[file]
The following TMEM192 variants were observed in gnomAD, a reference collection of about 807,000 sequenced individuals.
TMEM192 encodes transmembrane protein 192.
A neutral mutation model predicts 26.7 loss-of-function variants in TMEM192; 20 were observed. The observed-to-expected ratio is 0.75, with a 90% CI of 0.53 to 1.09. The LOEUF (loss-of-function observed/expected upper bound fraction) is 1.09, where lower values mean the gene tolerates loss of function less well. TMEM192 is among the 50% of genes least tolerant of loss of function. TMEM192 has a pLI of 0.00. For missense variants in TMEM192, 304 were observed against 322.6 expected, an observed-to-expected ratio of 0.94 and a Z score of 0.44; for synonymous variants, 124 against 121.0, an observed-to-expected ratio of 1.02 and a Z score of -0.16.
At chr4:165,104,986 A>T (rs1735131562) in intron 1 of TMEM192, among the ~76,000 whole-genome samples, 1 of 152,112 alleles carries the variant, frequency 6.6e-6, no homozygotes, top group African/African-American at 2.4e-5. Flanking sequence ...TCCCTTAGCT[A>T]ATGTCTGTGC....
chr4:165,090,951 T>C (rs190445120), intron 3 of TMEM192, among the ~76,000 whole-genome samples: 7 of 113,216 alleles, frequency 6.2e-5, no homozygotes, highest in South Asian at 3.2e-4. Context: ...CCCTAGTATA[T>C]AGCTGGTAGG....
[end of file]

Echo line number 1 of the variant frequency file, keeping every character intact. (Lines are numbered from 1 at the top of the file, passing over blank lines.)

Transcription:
The following TMEM192 variants were observed in gnomAD, a reference collection of about 807,000 sequenced individuals.